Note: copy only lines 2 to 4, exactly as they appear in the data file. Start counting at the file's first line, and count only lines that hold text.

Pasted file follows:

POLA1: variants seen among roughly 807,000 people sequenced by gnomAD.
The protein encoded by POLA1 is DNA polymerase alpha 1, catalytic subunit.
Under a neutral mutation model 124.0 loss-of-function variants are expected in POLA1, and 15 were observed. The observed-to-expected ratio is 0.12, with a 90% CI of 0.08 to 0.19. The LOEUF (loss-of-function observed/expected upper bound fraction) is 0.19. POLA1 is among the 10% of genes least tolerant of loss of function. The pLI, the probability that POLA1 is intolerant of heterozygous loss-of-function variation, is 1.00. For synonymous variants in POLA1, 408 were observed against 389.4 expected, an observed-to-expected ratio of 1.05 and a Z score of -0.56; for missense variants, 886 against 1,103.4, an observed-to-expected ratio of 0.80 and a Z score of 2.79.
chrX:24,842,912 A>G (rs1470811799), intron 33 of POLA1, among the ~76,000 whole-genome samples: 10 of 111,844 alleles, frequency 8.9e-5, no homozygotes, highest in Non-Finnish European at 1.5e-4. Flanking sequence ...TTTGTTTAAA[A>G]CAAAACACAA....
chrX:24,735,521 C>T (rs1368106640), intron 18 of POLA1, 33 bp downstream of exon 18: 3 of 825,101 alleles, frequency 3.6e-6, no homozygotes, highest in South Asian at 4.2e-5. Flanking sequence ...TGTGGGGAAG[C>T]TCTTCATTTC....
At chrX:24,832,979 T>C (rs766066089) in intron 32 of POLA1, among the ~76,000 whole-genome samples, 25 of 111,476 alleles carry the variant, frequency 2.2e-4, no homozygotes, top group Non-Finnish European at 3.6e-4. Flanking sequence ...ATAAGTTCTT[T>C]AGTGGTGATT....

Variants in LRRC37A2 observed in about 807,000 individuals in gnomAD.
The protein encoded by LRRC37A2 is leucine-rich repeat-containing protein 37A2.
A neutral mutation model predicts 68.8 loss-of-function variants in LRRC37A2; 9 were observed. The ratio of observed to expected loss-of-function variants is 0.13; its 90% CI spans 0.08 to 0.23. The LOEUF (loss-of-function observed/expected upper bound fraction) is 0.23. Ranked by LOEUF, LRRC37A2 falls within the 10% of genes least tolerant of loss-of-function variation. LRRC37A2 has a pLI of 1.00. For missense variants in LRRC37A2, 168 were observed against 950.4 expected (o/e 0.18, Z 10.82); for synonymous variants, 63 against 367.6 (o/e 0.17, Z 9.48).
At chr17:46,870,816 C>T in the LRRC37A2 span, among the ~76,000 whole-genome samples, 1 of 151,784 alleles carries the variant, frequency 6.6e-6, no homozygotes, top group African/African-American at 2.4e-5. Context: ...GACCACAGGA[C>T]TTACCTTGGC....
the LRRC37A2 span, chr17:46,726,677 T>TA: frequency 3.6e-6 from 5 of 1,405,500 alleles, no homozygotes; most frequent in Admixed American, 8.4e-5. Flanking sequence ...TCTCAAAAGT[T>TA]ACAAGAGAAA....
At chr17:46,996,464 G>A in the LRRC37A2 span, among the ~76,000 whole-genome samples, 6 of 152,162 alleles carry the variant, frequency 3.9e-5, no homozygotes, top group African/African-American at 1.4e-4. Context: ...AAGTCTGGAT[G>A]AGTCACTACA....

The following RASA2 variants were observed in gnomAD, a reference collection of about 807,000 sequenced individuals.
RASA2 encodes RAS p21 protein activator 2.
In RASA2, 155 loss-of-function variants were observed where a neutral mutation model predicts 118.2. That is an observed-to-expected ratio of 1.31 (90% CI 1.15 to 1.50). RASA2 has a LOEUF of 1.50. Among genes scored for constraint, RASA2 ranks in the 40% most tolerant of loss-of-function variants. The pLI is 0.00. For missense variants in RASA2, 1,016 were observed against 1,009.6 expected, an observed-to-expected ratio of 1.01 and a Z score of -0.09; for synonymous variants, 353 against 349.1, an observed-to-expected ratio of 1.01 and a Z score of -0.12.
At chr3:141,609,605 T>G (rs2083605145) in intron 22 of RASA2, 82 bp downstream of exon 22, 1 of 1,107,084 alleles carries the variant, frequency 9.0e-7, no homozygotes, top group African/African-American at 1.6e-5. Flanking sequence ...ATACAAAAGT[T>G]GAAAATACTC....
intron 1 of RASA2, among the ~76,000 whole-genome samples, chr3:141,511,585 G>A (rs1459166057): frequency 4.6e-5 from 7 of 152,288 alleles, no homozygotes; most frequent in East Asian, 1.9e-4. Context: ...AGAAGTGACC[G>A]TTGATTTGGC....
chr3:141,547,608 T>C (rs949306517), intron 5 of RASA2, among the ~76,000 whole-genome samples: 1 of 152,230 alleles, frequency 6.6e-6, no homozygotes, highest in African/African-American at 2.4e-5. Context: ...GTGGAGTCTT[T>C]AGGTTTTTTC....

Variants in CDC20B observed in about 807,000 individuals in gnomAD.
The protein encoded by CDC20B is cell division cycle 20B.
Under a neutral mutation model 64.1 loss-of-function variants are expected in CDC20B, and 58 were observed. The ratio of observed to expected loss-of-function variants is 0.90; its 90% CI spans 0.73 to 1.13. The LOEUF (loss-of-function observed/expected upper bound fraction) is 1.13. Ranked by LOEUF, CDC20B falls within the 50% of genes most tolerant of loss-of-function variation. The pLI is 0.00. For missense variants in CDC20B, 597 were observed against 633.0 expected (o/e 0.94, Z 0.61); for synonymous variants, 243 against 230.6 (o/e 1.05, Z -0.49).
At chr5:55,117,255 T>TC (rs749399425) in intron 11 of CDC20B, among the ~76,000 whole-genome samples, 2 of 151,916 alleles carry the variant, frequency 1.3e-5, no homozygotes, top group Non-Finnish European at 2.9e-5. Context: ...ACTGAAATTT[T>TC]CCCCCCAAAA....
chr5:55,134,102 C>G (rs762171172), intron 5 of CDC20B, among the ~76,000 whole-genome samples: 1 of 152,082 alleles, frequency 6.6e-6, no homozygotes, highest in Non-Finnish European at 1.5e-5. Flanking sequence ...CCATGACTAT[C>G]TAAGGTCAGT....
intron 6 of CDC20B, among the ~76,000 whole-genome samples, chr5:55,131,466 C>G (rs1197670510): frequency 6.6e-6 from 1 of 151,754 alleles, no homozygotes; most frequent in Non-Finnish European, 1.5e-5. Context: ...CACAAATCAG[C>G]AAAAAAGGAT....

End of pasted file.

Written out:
The protein encoded by POLA1 is DNA polymerase alpha 1, catalytic subunit.
Under a neutral mutation model 124.0 loss-of-function variants are expected in POLA1, and 15 were observed. The observed-to-expected ratio is 0.12, with a 90% CI of 0.08 to 0.19. The LOEUF (loss-of-function observed/expected upper bound fraction) is 0.19. POLA1 is among the 10% of genes least tolerant of loss of function. The pLI, the probability that POLA1 is intolerant of heterozygous loss-of-function variation, is 1.00. For synonymous variants in POLA1, 408 were observed against 389.4 expected, an observed-to-expected ratio of 1.05 and a Z score of -0.56; for missense variants, 886 against 1,103.4, an observed-to-expected ratio of 0.80 and a Z score of 2.79.
chrX:24,842,912 A>G (rs1470811799), intron 33 of POLA1, among the ~76,000 whole-genome samples: 10 of 111,844 alleles, frequency 8.9e-5, no homozygotes, highest in Non-Finnish European at 1.5e-4. Flanking sequence ...TTTGTTTAAA[A>G]CAAAACACAA....